Cervicalgia Treatment

Cervicalgia treatment may consist of simple rest initially, with the application of heat or ice, as appropriate, and the possible use of a supportive neck device, such as a neck collar for a short period of time. Strengthening and stretching exercises for the neck are also a common treatment for cervicalgia as these may release muscle tension and improve posture so as to prevent future occurrences of neck pain. Patients may be referred to a physical therapist to devise such a regime and they may also be given tips on preventing neck pain, including the establishment of correct posture during their daily routine, the importance of carrying heavy weights safely, and lighter goods in a more evenly distributed fashion (such as in a backpack rather than a shoulder bag).

Massage Therapy for Cervicalgia

Massage and mobilization therapy may be suggested for some patients with cervicalgia where the problem appears to be related to tension or tightness in the muscles of the neck and shoulders. Where pain the neck is an aspect of a larger pain profile then alternative strategies for pain management may be required, such as analgesics, psychosocial therapy such as cognitive behavioural therapy, or even the prescribing of antidepressants, anxiolytics, or antispasmodics.

Cervicalgia with no Pathology

In the majority of cases of cervicalgia with no underlying pathology, the neck pain will likely resolve within three to four weeks. Patients are usually reassured that this is quite a common experience and that cervicalgia rarely indicates a serious problem requiring invasive treatment. Normal activities are to be encouraged, with care taken to avoid the suspected cause of neck pain such as sleeping in a draught or adopting poor posture at work. Specific help with this may be required, such

as engagement in sessions with an Alexander Technique practitioner, or consultation with an ergonomist for the office or work environment. Supportive devices to help with posture may be useful in the short-term but are usually discouraged as they can lead to muscle weakening and invite future problems with hypermobility of the neck. Cervical collars should not usually be work for more than two to four days unless otherwise advised. Neck pain pillows may be helpful in addressing cervicalgia connected to the patient’s sleeping position.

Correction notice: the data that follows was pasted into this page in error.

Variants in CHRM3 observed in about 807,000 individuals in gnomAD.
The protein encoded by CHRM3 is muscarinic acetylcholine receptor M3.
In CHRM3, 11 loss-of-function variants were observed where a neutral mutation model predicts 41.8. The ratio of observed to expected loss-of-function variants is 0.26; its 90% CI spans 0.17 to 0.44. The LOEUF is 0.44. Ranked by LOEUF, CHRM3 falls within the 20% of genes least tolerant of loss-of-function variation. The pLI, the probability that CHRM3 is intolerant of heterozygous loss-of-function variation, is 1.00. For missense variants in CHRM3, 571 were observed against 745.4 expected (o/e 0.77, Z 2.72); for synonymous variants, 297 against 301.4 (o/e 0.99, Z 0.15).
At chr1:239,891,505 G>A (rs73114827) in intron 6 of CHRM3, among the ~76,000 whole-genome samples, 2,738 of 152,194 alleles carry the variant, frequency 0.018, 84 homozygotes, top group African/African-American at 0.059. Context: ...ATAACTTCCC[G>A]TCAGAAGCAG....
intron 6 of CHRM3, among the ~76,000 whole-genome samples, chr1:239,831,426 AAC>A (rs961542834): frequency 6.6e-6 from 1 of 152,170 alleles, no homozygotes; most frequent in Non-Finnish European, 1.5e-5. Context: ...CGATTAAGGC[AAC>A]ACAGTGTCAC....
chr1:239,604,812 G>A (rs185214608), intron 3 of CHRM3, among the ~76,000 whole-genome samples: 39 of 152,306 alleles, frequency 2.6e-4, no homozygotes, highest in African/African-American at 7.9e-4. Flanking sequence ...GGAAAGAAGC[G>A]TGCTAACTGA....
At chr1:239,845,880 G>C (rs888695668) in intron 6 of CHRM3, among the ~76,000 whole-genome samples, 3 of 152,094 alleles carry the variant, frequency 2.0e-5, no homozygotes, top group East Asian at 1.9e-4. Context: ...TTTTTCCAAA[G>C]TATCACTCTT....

Some patients may be advised against driving in the short-term, particularly where they have limited range of motion. Unsafe driving with restricted neck movement may lead to accidents and whiplash which would further compromise the neck, along with the possibility of more serious consequences for both the driver and other road users. Painkillers such as NSAIDs may be used for cervicalgia treatment but are inadvisable over the longer term. Symptoms of cervicalgia that persist after four weeks require referral to a physiotherapist in many cases, and specific exercises for neck pain, along with manual therapy may be helpful at this stage. Many patients find that acupuncture relieves neck pain and can also aid relaxation to relieve any tension that is contributing to the cervicalgia.

Finding the Right Treatment for Cervicalgia

Referral to a psychologist or therapist may be appropriate if the patient’s neck pain appears to be connected to anxiety, fear, or avoidance beliefs. Where the patient has an unrelated chronic medical condition, it may be that helping to manage this more effectively can lead to the reduction or relief of neck pain. Persistent pain after twelve weeks is deemed chronic and the patient will often be referred to a specific pain clinic to develop coping strategies for their condition. Physiotherapy may be discontinued unless it displays benefits for the patient, and massage and other passive therapies are often to be avoided as they are unlikely to provide much pain relief for the majority of cervicalgia patients at this stage. Low-dose antidepressants may be prescribed as a cervicalgia treatment, and those with chronic pain, especially where it appears to be worsening will likely undergo further assessment to test for mechanical problems such as spinal stenosis which was too subtle to be observed in initial investigations. Back or neck surgery may then become appropriate to relieve a specific obstruction in the spine that is causing cervical nerve or blood vessel compression and cervicalgia.





Last Updated: 04/25/2011